In the winter of 1989, thousands of activists from the AIDS Coalition to Unleash Power (ACT UP) disrupted a St. Patrick’s Cathedral mass as part of a controversial “Stop the Church” demonstration. Protesters distributed condoms and safe-sex information to teens and passersby at the church because, the group claimed, individuals were being denied access to such information and materials in schools due to church interference.
Two years later, during Operation Desert Storm, ACT UP activist John Weir and two other protesters entered the CBS Evening News studio at the beginning of the broadcast and shouted, “AIDS is news. Fight AIDS, not Arabs!” The following day, as part of the “Day of Desperation,” activists unfurled a banner at Grand Central Terminal that read: “Money for AIDS, not war” and “One AIDS death every 8 minutes.”
For twenty-five years, ACT UP has been at the forefront of creative direct action protest. The organization is famous for its die-ins to protest the government’s abandonment of AIDS victims and the exploiting of those infected with the disease by powerful Wall Street pharmaceutical companies.
In the early eighties, President Reagan consciously ignored what was clearly a national health crisis, his response described as “halting and ineffective” by his biographer, Lou Cannon. The religious right rushed to Reagan’s defense, and groups like the Rev. Jerry Falwell’s Moral Majority used AIDS as a tool to target gay men “for the politics of fear, hate, and discrimination.”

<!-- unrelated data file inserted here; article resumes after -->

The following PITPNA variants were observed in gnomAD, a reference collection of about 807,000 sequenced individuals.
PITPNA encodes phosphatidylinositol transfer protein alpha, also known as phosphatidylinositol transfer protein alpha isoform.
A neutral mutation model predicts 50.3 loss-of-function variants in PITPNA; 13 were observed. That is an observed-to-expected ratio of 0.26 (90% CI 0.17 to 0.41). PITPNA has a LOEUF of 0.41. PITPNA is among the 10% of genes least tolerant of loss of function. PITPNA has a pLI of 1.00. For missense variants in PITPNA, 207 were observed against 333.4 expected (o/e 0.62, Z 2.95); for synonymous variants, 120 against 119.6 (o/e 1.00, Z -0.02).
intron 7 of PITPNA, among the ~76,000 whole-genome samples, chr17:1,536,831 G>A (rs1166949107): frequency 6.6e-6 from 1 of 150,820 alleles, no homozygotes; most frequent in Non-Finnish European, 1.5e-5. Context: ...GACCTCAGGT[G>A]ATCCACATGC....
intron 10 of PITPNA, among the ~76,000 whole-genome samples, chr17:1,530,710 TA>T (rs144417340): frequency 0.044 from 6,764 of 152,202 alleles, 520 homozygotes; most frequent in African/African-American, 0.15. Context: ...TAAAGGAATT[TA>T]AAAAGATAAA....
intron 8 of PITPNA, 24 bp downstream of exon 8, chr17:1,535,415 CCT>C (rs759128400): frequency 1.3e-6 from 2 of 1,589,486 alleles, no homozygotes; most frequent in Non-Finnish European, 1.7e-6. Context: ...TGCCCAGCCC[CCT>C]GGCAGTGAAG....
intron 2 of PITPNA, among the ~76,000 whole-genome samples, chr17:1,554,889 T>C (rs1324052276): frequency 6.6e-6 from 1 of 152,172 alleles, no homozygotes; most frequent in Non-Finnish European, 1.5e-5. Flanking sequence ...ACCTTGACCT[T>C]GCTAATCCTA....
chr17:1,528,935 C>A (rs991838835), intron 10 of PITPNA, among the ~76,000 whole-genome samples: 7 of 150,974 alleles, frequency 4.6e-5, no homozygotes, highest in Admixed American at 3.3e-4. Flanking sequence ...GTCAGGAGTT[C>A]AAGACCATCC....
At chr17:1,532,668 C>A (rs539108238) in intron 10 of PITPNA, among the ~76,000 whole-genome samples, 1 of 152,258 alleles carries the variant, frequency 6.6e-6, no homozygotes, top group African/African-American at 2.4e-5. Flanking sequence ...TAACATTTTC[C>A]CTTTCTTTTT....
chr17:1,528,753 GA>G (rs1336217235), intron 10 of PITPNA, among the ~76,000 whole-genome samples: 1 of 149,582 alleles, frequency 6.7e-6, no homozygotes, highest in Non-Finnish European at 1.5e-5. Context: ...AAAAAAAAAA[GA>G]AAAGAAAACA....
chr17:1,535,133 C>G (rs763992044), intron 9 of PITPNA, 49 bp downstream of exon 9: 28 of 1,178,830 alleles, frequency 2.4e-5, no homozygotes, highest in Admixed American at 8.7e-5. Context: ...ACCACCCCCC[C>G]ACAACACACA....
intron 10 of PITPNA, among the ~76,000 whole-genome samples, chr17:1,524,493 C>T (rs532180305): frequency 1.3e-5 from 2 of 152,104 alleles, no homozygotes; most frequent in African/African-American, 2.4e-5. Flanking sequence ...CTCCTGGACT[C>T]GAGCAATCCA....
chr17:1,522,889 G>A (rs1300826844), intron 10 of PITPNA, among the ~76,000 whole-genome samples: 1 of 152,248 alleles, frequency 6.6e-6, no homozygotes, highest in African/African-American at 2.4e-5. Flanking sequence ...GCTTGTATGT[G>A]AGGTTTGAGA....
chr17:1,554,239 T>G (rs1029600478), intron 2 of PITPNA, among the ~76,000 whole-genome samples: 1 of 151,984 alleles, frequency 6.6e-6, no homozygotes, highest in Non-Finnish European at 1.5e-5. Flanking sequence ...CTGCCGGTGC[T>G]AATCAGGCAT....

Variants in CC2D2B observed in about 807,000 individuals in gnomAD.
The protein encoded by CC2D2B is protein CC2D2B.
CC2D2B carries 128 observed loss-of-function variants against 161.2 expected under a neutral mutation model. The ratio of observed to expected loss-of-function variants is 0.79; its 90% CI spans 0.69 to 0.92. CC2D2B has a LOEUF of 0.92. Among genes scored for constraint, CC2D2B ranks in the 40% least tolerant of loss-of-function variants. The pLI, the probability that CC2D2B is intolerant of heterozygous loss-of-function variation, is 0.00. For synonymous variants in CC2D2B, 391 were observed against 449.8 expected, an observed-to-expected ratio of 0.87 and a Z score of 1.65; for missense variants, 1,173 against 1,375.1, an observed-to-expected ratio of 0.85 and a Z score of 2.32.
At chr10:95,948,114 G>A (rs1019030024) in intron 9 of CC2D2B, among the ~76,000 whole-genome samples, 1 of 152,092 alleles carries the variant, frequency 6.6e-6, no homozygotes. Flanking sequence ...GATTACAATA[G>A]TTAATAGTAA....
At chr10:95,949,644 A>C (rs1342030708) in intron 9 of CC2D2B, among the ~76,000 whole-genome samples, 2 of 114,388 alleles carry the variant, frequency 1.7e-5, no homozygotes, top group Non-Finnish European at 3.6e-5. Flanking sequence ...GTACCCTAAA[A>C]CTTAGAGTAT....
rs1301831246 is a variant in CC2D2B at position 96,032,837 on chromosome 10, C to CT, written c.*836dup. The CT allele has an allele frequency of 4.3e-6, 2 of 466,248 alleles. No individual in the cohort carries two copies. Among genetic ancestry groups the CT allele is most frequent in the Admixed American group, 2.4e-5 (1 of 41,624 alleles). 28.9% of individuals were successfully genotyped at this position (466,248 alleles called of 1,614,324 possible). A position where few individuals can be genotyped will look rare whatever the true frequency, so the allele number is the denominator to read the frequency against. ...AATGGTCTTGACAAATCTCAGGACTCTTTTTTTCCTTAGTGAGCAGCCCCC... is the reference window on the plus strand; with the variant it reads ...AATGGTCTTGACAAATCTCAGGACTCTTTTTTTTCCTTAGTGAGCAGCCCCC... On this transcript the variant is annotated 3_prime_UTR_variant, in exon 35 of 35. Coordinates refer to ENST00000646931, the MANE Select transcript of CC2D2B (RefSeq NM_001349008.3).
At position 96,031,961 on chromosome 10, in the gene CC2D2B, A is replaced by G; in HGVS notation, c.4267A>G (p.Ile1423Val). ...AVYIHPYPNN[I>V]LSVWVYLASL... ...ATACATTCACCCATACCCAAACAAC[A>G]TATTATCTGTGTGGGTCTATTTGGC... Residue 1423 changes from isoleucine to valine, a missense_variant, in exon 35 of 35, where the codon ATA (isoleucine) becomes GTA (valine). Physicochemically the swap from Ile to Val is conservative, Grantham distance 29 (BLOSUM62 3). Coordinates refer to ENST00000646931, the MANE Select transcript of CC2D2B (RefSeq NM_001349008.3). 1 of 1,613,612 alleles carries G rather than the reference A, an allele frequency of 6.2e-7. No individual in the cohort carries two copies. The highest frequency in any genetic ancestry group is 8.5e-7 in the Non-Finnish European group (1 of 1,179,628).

By Feb. 1, 1983, 1,025 AIDS cases were reported, and at least 394 had died in the United States. Reagan said nothing.
Imagine the scene: a strange new pleague threatens to wipe you, your loved ones and your entire community from the face of the earth, and no one—no doctor, pharmaceutical company, church, not even the president—is capable of or willing to help you.
This is the environment in which ACT UP carved its legacy: loud, aggressive (“rude,” according to the New York Times), creative and devoted to acts of direct action civil disobedience because, let’s be honest, the LGBT community realized no one was coming to save them.
Quite literally, they were fighting for their lives.
In 1987, ACT UP groups around the country protested the exorbitant cost of AZT drugs, which activists said were so pricey most people with HIV would be unable to afford them. The group staged a die-in outside a CVS store in Downtown Providence to make their point.
Additionally, seven ACT UP members infiltrated the New York Stock Exchange in the fall of 1989 and chained themselves to the VIP balcony to protest the high price of AZT. In response, the NYSE halted trading for the first and only moment except during wartime.